RESCHEDULED DATE TO SOCIAL FROM THE WELLY, ALL ORIGINAL TICKETS REMAIN VALID
RESCHEDULED DATE AT SOCIAL FROM SAT 10 APR 2021 to FRI 29 APR 2022, ALL ORIGINAL TICKETS REMAIN VALID
Today, Mystery Jets announce that their sixth studio album ‘A Billion Heartbeats’ will be released on 27th September on Caroline International.
The band have also today release ‘Screwdriver’, the first single to be taken from the album.
Screwdriver is an uncompromising look at the rise of the rebranded alt-right in the UK, built around a powerfully positive message: “Fight them with love / then the world will be ours”.
Lead singer Blaine Harrison says of the song, “Screwdriver is about the mechanics of intolerance. Looking back at times of economic instability in history, we see how easily deep chasms grow in society and the population seeks change wherever it is most convincingly promised.
Conflict arises as cultures and belief systems clash, unwilling to accept one another’s place in society, because we are fed the rhetoric that our neighbours are those responsible for our problems: then inevitably nationalism once more raises its ugly head above the parapet. But whereas political agendas fuel divisiveness, music unites and reminds us of all that we have in common. The message of Screwdriver is not a pessimistic one – because perhaps faced with confrontation we can find understanding, and even maybe learn how to listen to, and love one another.”
Each room of the house in the video is a metaphor for the different sections of society in the UK. It wraps around the narrative of the song, that in order to overcome adversity, you have to “Fight Them With Love”. All great albums start from a unique perspective. But, try a window on the Strand, in an abandoned office block, overlooking the kind of political upheaval London hasn’t seen in a generation.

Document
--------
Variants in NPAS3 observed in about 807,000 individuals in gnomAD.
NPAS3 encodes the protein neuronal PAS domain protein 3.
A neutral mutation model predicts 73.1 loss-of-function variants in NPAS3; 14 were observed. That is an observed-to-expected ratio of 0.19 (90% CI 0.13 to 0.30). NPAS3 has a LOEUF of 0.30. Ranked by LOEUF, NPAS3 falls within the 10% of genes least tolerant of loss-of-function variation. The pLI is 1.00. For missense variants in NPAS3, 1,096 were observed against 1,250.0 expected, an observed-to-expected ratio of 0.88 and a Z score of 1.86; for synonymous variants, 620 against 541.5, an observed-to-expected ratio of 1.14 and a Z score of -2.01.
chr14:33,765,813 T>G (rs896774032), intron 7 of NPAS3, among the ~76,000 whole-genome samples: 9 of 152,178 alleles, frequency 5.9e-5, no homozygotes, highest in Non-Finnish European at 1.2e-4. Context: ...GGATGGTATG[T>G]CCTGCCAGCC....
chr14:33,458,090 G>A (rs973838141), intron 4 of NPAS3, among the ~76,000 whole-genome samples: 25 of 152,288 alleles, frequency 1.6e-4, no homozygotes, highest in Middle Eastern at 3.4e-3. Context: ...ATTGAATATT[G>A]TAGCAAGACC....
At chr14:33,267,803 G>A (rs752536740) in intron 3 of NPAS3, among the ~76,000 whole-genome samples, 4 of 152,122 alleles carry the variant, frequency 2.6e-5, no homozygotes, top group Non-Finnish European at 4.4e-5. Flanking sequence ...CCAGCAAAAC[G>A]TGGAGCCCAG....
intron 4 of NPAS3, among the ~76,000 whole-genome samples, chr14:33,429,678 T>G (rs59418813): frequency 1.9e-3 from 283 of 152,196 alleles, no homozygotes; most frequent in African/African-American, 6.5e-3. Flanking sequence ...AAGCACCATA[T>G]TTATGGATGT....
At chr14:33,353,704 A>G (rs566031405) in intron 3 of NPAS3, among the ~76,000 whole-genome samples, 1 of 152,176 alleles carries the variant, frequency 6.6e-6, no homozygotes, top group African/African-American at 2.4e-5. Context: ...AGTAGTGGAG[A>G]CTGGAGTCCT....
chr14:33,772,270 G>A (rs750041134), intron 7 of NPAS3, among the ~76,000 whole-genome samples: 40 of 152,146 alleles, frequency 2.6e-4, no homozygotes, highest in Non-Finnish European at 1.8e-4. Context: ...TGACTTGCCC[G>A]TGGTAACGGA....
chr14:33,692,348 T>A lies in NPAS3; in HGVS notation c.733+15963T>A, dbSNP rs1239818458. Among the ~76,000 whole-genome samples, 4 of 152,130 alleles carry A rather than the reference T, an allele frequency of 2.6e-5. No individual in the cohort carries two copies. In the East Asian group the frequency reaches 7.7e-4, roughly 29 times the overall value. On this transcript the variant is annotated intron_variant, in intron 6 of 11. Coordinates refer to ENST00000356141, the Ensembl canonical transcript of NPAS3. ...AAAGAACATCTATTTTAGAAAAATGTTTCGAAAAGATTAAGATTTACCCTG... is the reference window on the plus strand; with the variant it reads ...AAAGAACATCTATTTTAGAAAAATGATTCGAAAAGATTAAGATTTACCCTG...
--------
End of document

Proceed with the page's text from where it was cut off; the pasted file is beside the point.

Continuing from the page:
Blaine Harrison was living as a property guardian right around the corner from Trafalgar Square when he found himself witness to an entire year of protests. Every weekend from January 2017 on, people were marching for a different cause: “In the space of six months it was Black Lives Matter, the huge ‘Our NHS’ march, Unite for Europe,” he recalls. “Then the solidarity sleep-out organised by Help Refugees, where we slept in Whitehall for the night… The protestors would wake me up in the morning. I’d just walk down and join in.”
Over the course of that year, Mystery Jets’ sixth long-player, A Billion Heartbeats, was born. “This album wasn’t about making pointed opinions,” says Blaine. “It was about being a mirror for what’s going on, reflecting back the way people are feeling.” By turns tender and fierce, abstract and full of classic rock energy, A Billion Heartbeats achieves a balance of passion, fear and hope. Amid the colourful cavalcade of rich harmonies, heavy guitars and rallying cries, the album’s essential message – about personal responsibility, and the power in becoming engaged. In a sense, it’s not just their “state of the nation” record but their “state of a generation” record too.
We increasingly hear from musicians that music should be an escape these days – that there’s enough suffering in the world, enough misery on the news, without writings songs about it too. A Billion Heartbeats makes all that sound like a bit of a cop-out. These are songs of protest that get the heart racing in joy; high on hope, and serious in their message. Proof, basically, that music speaks louder than words.
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